Away from the food, things were just as special. The waiters gave a masterclass in service, effortlessly juggling attentiveness, efficiency and professionalism with enthusiasm, friendliness and charm. Along with the marvel that is the Alain Ducasse dining room – far prettier than it looks in pictures – and the palatial luxury of The Dorchester itself, the staff provided the backdrop and ambience to an evening I’ll never, ever forget.
Below is everything I ate in full. Regrettably, aside from Alain Ducasse’s signature champagne, I cannot remember what we drank with the meal, other than it being quite outstanding; equal to the food and setting in both quality and price.
Even more regrettable is the fact that I’m not able to add these orange cakes on at the end. They were presented to us as a gift as we left the restaurant and the following day my wife scoffed both in secret, not allowing me a single crumb.
If that’s not grounds enough for divorce, I don’t know what is!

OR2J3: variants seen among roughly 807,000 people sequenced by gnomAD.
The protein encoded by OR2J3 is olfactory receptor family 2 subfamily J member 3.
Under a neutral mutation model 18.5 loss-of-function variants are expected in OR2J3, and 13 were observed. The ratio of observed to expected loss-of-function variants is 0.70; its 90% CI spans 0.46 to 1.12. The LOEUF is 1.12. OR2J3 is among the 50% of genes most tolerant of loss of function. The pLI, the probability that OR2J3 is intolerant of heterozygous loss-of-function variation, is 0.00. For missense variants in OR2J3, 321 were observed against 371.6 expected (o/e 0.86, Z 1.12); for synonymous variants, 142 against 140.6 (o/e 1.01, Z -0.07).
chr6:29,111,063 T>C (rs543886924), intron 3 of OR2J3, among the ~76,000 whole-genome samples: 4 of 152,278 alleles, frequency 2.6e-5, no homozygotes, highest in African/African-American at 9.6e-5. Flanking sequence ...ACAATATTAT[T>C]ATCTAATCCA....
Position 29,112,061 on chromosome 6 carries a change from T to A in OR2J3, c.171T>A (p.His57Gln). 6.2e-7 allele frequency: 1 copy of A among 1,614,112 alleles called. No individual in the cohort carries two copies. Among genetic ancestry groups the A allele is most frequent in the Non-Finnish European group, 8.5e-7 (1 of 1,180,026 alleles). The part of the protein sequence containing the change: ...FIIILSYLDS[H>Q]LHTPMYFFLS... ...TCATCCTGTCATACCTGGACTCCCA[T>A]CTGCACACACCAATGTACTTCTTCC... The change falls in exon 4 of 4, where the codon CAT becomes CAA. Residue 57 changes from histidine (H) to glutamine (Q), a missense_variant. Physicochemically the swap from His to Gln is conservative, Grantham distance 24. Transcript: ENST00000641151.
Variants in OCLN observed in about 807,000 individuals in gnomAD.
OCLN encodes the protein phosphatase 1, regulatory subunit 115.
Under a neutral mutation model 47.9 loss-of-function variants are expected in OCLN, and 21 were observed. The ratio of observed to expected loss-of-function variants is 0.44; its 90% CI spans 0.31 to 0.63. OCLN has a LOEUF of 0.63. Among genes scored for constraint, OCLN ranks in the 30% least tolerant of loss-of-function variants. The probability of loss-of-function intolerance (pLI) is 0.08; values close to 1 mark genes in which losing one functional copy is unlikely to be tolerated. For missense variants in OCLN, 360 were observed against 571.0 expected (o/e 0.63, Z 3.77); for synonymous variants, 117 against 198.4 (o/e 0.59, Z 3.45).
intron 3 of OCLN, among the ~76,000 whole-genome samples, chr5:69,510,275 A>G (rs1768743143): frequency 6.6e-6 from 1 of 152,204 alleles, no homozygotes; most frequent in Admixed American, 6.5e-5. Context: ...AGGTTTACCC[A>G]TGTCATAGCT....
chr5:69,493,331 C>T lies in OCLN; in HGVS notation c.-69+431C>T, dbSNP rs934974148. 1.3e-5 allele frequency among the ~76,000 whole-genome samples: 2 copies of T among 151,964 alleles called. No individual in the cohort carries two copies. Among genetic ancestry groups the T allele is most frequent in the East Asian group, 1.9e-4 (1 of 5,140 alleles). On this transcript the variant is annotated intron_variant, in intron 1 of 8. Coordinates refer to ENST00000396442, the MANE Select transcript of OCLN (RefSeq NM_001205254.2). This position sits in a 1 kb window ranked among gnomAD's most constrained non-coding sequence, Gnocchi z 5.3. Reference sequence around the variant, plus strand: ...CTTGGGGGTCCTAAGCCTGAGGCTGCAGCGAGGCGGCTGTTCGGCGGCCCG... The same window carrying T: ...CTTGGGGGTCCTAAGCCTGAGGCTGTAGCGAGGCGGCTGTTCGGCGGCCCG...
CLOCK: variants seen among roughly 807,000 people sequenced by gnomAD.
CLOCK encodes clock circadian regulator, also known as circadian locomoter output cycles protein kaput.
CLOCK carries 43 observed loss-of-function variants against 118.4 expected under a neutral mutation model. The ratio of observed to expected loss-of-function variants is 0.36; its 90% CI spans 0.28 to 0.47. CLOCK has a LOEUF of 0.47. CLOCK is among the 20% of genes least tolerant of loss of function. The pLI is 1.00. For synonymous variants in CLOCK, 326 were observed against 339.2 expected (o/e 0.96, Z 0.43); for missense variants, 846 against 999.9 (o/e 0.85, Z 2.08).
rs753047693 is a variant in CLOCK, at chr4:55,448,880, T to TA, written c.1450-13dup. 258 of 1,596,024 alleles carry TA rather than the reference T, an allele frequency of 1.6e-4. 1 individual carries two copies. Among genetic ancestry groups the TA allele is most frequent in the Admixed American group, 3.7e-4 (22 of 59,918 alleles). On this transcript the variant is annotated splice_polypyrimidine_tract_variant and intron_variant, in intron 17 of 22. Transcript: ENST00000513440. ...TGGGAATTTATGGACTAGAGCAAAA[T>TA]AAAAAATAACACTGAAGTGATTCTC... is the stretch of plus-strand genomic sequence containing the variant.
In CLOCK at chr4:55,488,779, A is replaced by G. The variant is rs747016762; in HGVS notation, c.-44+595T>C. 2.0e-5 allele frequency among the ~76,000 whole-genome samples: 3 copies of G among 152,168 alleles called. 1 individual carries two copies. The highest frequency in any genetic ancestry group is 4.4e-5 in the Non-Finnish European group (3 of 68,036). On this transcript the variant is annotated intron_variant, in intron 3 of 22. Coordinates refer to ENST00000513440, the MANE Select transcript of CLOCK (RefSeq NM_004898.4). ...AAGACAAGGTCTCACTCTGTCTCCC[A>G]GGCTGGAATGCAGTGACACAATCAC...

A LA CARTE
Amuse Bouche 1
Gruyère Gougéres, Paprika Gougéres
Sourdough, Black Olive Bread, Fougasse with Bacon
Amuse Bouche 2
Royale of Broccoli with Crispy Vegetables
Foie Gras de Canard Poelé, Cerises, Amandes Fraiches
Seared Duck Foie Gras, Cherries, Green Almonds
Bar de Ligne aux Agrumes, Verts et Blancs de Blette
Wild Sea Bass, Citrus and Swiss Chards
Tournedos de Boeuf Rossini, Beau Quartier de Romaine, Sacristain de Pommes de Terre
Fillet of Beef Rossini, Crunchy Cos Lettuce, “Sacristain” Potatoes
Baba au Rhum de Votre Choix, comme a Monte-Carlo
Baba like in Monte-Carlo
Mignardises & Gourmandises
The Bonbon Trolley
Not by any stretch worth the same number of words, but perhaps worth a bit of a laugh, is my Worst Restaurant Meal of the Year – a truly traumatic experience.
I’ve always had a bit of a problem with Café Rouge after an awful meal at one of its branches in 2005, but nothing could’ve prepared me for the bile served at my work’s Christmas Party. Food is always pretty terrible at Christmas dos, and indeed it’s part of the fun, but this was a serious ordeal; one that conjured up images of Vietnam War movies and Colonel Kurtz whispering “the horror, the horror”.